So that was that process, and then when I was sampling from those records – because of half the record I did myself in terms of the new stuff and half I sent out to these producers we talked about before – but then I listened to a lot of contemporary electronic music, so I was listening to all that kind of stuff and just seeing how I could reconstitute those originals into something that was of 2017, I guess.

How do you compare the two discs, like the original and the reworked, do you see them fitting together as a whole?

Well, my plan with this record the whole time was always going to be this original concept, which was new music, but made out of samples. To me that was always the album, but then later I thought “to have all the original music that I sampled from as a companion piece to it would be really nice”. I guess the focus was always on the end result, but now I think it’s nice to have the music I made to sample from there, as a companion piece to draw the link between that. As I was saying, I think those songs, I aimed for them to stand up as complete finished songs, so I hope that they function that way to a listener. But I think it could also be interesting for someone to draw the links and see where the little bits came from as a listening experience. So, I do see them as two quite separate things, but you know, obviously they’re deeply linked as well.

Are you planning on touring this album?

I’m not sure if we’re going to tour it, there are plans afoot for some sort of live show, and I think that it’s going to be based around the concept of almost… This record has been about reimagining music and I think the live thing might be something along the lines of almost remixing the remixes, or reimagining the reworks. So, the plan is to have a turntablist at the core of the band and that person might either play the role of playing actual beats, or sometimes the drummer will play beats and the turntablist will play textures over the top. I think it’s going to be quite a big band, which I’ve got to be careful of. I’m used to touring with a big band already.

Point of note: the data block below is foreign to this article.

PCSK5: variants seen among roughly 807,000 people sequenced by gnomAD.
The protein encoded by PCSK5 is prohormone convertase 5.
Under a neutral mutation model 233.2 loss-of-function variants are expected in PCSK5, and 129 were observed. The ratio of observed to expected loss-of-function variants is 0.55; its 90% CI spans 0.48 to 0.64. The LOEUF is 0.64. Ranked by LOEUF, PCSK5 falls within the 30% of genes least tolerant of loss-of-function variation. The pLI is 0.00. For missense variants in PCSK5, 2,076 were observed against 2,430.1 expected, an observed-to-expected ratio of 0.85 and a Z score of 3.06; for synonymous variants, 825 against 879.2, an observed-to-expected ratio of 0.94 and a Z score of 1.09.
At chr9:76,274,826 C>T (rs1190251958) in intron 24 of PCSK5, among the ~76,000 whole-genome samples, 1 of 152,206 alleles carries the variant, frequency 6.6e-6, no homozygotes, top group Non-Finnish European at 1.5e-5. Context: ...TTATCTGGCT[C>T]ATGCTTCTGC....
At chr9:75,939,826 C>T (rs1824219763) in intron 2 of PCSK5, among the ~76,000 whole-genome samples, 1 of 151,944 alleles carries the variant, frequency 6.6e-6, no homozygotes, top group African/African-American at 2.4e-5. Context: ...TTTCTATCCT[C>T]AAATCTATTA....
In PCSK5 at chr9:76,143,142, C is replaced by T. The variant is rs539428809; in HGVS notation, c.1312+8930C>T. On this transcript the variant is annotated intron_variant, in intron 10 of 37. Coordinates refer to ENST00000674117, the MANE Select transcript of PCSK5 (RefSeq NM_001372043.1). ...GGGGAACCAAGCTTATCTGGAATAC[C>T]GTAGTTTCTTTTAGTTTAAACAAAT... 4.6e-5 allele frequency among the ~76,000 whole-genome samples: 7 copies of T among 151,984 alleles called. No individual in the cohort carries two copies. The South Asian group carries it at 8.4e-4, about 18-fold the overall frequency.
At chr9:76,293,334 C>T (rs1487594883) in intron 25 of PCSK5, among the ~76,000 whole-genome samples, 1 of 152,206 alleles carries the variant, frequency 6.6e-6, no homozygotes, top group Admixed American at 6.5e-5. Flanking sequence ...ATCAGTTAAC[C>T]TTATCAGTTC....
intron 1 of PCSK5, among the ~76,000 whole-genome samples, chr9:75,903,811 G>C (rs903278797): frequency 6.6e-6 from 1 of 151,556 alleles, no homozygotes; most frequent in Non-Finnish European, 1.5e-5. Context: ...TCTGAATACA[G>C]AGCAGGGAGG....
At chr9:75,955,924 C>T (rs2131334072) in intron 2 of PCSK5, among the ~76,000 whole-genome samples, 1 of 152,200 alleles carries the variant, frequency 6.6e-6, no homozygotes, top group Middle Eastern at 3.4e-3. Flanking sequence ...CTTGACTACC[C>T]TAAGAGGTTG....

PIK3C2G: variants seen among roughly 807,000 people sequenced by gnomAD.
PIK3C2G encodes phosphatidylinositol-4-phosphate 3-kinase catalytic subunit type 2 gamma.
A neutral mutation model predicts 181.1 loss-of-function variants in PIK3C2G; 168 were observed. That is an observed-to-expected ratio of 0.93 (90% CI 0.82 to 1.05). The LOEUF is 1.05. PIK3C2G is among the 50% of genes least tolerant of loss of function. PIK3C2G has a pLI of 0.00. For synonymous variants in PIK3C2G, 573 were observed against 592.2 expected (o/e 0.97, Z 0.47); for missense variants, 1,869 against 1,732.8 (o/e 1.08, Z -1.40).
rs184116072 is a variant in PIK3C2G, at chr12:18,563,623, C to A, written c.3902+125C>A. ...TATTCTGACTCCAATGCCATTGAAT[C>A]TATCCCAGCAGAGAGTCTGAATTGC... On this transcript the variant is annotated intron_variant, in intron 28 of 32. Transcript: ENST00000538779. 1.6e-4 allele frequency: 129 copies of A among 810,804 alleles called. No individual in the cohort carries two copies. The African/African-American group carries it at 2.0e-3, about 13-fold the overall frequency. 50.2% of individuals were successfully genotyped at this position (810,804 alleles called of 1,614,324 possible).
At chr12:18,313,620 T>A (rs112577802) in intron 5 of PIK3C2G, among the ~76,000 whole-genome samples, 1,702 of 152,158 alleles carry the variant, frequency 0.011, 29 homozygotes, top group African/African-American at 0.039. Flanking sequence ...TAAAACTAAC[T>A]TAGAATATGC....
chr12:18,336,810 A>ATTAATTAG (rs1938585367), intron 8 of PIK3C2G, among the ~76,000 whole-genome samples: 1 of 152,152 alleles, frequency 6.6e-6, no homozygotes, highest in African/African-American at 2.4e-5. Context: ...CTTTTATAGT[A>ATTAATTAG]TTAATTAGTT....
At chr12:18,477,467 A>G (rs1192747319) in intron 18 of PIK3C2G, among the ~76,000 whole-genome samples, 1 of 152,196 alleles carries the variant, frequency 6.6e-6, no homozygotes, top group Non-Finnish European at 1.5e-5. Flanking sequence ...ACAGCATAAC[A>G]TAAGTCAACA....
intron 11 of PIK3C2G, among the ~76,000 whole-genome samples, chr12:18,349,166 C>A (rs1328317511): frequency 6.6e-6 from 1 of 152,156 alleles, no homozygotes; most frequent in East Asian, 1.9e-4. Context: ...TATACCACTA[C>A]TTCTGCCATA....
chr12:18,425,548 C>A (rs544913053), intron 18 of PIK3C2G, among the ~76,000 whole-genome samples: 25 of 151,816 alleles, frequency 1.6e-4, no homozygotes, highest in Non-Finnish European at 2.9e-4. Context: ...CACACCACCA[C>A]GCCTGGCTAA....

Apart from the potential tour, do you have any other projects going on at the moment?

Yeah actually, I’m sitting on a few things at the moment. I have this jazz project I do called Menagerie. I did a record on Tru Thoughts a few years ago, and I’ve got another one of them that’s going to come out on a label called Freestyle, out of the UK, pretty soon, in a few months, or before the end of the year. And also, for that same label I do a series of cover versions, classic sort of funk, soul, Latin covers, it’s called Black Feeling, and I’ve got another edition of that coming out, it will be the fourth volume. And, most exciting, is the next Bamboos record, the eighth Bamboos record, and it’s already in the can, and mixed and done. So, we’ll be, I think, releasing that at the start of next year, but hopefully a single out this year and I’m really looking forward to hitting the road with those guys again.